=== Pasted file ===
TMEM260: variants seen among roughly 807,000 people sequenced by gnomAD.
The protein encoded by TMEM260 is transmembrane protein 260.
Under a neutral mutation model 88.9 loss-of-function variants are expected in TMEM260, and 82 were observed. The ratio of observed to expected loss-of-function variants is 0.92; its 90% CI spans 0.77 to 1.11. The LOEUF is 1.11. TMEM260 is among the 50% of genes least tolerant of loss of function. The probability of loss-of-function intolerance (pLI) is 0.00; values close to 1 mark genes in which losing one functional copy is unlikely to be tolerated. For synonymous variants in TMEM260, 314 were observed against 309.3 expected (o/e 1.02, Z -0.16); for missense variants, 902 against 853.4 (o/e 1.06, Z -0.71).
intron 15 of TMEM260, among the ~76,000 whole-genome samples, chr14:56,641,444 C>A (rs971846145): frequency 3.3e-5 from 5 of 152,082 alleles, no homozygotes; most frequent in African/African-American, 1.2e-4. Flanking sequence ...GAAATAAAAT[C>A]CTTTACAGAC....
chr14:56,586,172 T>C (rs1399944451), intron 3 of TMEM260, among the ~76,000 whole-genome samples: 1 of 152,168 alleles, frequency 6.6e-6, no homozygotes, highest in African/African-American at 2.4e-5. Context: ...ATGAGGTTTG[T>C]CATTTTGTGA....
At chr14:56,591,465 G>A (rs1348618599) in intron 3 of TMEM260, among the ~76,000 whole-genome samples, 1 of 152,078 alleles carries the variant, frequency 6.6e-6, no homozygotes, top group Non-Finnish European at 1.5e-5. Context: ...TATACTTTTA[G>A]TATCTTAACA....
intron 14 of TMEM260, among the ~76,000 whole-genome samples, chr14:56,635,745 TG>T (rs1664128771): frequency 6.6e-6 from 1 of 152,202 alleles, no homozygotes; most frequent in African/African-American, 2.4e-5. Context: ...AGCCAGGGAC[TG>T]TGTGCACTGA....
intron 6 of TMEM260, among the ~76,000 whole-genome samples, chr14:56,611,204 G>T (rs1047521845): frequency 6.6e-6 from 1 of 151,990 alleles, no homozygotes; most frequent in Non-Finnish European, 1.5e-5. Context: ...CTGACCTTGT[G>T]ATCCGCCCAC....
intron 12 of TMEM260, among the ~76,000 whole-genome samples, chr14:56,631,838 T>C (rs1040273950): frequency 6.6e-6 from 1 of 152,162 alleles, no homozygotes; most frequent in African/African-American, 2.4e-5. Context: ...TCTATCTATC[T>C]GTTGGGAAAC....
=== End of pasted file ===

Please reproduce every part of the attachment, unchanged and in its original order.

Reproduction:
TMEM260: variants seen among roughly 807,000 people sequenced by gnomAD.
The protein encoded by TMEM260 is transmembrane protein 260.
Under a neutral mutation model 88.9 loss-of-function variants are expected in TMEM260, and 82 were observed. The ratio of observed to expected loss-of-function variants is 0.92; its 90% CI spans 0.77 to 1.11. The LOEUF is 1.11. TMEM260 is among the 50% of genes least tolerant of loss of function. The probability of loss-of-function intolerance (pLI) is 0.00; values close to 1 mark genes in which losing one functional copy is unlikely to be tolerated. For synonymous variants in TMEM260, 314 were observed against 309.3 expected (o/e 1.02, Z -0.16); for missense variants, 902 against 853.4 (o/e 1.06, Z -0.71).
intron 15 of TMEM260, among the ~76,000 whole-genome samples, chr14:56,641,444 C>A (rs971846145): frequency 3.3e-5 from 5 of 152,082 alleles, no homozygotes; most frequent in African/African-American, 1.2e-4. Flanking sequence ...GAAATAAAAT[C>A]CTTTACAGAC....
chr14:56,586,172 T>C (rs1399944451), intron 3 of TMEM260, among the ~76,000 whole-genome samples: 1 of 152,168 alleles, frequency 6.6e-6, no homozygotes, highest in African/African-American at 2.4e-5. Context: ...ATGAGGTTTG[T>C]CATTTTGTGA....
At chr14:56,591,465 G>A (rs1348618599) in intron 3 of TMEM260, among the ~76,000 whole-genome samples, 1 of 152,078 alleles carries the variant, frequency 6.6e-6, no homozygotes, top group Non-Finnish European at 1.5e-5. Context: ...TATACTTTTA[G>A]TATCTTAACA....
intron 14 of TMEM260, among the ~76,000 whole-genome samples, chr14:56,635,745 TG>T (rs1664128771): frequency 6.6e-6 from 1 of 152,202 alleles, no homozygotes; most frequent in African/African-American, 2.4e-5. Context: ...AGCCAGGGAC[TG>T]TGTGCACTGA....
intron 6 of TMEM260, among the ~76,000 whole-genome samples, chr14:56,611,204 G>T (rs1047521845): frequency 6.6e-6 from 1 of 151,990 alleles, no homozygotes; most frequent in Non-Finnish European, 1.5e-5. Context: ...CTGACCTTGT[G>T]ATCCGCCCAC....
intron 12 of TMEM260, among the ~76,000 whole-genome samples, chr14:56,631,838 T>C (rs1040273950): frequency 6.6e-6 from 1 of 152,162 alleles, no homozygotes; most frequent in African/African-American, 2.4e-5. Context: ...TCTATCTATC[T>C]GTTGGGAAAC....